County of Lyon Hosts Workshop and Launches Tender Process for Solid Waste
Representatives of potential bidders D&S Waste Removal of Yerington, Olcese Waste Services of Mound House and Waste Management were on hand to ask questions and provide insight into their operations, and commissioners expressed concerns based on past or current comments community members. The most recent workshop is the county’s latest attempt after the council voted in favor of a proposal submitted by Olcese on March 3 this year and Waste Management submitted a notice of protest to the county on March 9.
Community Development Manager Andrew Haskin gave a brief overview of what a request for proposals is and how the process works. He said the county was in the first phase of the latest waste disposal agreement in which Lyon was discussing its demands. He would then take suggestions and draft the document, which would then be reviewed and approved by the commissioners. Then the RFP is noticed and advertised, awarded in February and the contract starts on March 1, 2024.
Board chair Vida Keller said it didn’t look like the bidders were able to compete with a fair comparison, with Lyon forcing companies to buy new vehicles, for example, to maintain the roads of county or vice versa because the roads could wear out their vehicles quickly. Keller said that’s often not fair to those who couldn’t afford to buy new trucks or vehicles upfront just to make an offer.
The discussion, lasting about three hours, covered the merits of mandatory collection, code enforcement, concerns about transfer stations, and the size of vehicles and bulky items.
Keller said she wanted to make sure bidders received a fair “apples to apples” comparison when reviewing. But County Executive Jeff Page might not be likely for a number of factors.
“When you want to compare ‘apples to apples,’ we can’t predict the future and how the population is changing in the county,” Page said. “In the center of the Lyon department, there are many places to buy and build. And keep in mind that we are the quirky county. We are the only ones to have geographic population problems. Churchill has a few pockets, but we have five separate community bases. In Dayton, you have three community bases rolled into one.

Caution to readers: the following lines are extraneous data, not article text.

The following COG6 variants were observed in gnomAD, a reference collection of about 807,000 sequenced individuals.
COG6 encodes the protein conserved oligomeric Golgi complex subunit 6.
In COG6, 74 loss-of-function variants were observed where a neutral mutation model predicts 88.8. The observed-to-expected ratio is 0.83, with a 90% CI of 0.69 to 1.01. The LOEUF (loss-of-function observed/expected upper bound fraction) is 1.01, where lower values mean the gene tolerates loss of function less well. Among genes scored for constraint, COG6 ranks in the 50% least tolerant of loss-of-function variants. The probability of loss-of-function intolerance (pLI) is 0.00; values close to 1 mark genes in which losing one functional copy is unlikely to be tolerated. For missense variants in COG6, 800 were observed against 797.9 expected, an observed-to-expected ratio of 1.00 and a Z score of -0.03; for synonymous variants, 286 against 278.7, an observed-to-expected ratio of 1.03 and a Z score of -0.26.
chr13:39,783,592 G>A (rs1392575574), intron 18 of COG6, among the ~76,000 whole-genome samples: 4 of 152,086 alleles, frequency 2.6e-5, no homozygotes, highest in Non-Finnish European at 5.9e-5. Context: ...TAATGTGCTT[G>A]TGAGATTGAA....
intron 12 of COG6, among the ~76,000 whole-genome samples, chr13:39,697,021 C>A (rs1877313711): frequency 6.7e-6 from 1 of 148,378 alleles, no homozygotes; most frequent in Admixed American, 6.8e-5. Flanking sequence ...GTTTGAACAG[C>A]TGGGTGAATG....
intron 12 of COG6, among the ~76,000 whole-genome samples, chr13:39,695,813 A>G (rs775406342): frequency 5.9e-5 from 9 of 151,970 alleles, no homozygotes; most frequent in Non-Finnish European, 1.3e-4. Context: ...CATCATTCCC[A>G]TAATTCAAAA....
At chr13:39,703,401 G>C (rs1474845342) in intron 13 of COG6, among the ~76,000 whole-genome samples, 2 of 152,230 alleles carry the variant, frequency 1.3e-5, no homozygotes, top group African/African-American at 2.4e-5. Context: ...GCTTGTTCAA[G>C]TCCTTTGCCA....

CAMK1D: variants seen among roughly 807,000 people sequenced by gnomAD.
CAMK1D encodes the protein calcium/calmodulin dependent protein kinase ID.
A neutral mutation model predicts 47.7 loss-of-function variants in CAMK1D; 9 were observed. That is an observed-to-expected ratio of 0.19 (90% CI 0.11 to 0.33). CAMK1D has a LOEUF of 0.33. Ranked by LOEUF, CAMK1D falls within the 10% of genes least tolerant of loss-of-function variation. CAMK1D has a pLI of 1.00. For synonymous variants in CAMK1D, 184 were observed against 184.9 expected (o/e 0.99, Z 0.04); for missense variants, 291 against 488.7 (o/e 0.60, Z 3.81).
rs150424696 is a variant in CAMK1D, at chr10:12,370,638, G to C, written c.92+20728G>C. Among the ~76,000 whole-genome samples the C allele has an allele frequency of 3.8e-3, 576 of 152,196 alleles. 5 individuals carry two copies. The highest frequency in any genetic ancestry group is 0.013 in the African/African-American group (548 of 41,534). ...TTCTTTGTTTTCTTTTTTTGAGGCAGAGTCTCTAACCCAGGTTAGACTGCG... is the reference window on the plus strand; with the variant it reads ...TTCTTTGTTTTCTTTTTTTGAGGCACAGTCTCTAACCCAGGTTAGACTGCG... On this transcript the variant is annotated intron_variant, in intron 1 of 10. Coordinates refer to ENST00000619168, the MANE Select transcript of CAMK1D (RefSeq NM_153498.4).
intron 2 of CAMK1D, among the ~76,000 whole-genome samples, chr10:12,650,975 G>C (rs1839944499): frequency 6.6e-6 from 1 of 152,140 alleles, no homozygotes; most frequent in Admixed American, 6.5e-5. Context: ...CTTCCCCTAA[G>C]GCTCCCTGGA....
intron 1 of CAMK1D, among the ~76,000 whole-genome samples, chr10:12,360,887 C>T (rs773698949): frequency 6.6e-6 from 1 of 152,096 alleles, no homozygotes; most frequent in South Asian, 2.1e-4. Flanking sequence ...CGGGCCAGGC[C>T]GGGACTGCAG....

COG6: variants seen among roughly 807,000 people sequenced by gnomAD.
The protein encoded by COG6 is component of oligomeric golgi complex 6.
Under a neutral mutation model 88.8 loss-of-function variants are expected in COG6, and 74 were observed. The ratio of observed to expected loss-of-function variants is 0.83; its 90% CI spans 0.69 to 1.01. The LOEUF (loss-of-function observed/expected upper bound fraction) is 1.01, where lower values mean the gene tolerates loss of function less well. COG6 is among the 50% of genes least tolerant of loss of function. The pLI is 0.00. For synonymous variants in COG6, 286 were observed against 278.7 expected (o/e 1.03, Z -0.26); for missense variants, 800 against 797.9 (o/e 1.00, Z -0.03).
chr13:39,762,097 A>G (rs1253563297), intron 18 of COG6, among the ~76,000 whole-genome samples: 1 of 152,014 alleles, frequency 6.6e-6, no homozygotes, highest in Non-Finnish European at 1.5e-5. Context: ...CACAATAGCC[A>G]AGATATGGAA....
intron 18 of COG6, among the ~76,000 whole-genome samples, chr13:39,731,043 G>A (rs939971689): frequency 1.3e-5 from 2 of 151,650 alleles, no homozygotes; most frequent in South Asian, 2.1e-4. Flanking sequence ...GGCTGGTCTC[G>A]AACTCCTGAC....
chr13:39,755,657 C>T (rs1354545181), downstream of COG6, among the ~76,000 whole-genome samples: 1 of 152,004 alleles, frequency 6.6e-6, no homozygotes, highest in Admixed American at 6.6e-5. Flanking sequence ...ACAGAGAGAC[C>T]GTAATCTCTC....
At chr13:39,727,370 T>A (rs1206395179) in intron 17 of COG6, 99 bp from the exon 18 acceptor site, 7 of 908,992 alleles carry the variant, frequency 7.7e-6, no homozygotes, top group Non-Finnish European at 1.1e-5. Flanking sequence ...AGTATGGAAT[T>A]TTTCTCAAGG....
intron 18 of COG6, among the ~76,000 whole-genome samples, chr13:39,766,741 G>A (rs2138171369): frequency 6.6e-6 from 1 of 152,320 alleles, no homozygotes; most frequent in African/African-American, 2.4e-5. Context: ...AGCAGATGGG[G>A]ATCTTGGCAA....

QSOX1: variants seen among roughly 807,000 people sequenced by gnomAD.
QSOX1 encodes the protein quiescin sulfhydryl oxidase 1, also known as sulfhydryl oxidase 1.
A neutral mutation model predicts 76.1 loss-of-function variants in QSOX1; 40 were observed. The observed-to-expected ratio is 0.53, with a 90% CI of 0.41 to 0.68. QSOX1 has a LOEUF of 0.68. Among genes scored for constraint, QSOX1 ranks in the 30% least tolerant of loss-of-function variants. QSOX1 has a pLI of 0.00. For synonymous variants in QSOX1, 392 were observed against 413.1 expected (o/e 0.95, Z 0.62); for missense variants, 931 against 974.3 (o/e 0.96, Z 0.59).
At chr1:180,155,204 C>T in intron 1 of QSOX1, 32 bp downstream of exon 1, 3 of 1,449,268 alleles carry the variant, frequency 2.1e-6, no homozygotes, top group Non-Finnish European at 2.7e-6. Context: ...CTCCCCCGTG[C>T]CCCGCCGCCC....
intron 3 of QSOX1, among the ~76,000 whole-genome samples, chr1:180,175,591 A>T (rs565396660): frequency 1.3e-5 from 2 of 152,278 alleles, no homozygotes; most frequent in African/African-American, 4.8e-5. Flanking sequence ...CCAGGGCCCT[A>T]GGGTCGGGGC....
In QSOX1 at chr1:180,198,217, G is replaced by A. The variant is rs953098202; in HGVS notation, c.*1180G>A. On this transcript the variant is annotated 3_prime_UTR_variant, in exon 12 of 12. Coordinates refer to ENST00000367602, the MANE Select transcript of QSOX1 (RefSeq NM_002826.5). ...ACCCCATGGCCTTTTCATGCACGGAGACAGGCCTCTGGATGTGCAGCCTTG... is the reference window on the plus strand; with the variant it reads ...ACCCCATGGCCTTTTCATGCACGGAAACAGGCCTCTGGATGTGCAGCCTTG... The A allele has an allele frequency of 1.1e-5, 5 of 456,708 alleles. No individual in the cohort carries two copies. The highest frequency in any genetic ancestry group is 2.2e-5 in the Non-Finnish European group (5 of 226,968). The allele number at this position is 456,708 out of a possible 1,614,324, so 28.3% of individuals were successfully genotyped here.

Page also said the county should select a bidder who ensures a local contact is in place and who is prepared to respond to local issues decisively and quickly.
“This is the biggest complaint I’ve received in the last four to five emails on this issue,” he told board members. “The locals are saying, ‘We want to talk to someone who is here and who understands Lyon’s problems.'”
The workshop ended with Keller reminding the audience that Haskin would need time to consolidate suggestions and requests from the board and the public. He was tasked with drafting a RFP presentable to the Board of Directors.
Page said the whole process, not outlined by law, “did not happen overnight.”
“We live with regulations that were caused by the sins of the past,” Page said.
Commissioner Ken Gray said he disputes that.
“Some of these regulations were passed in the middle of the night,” he said.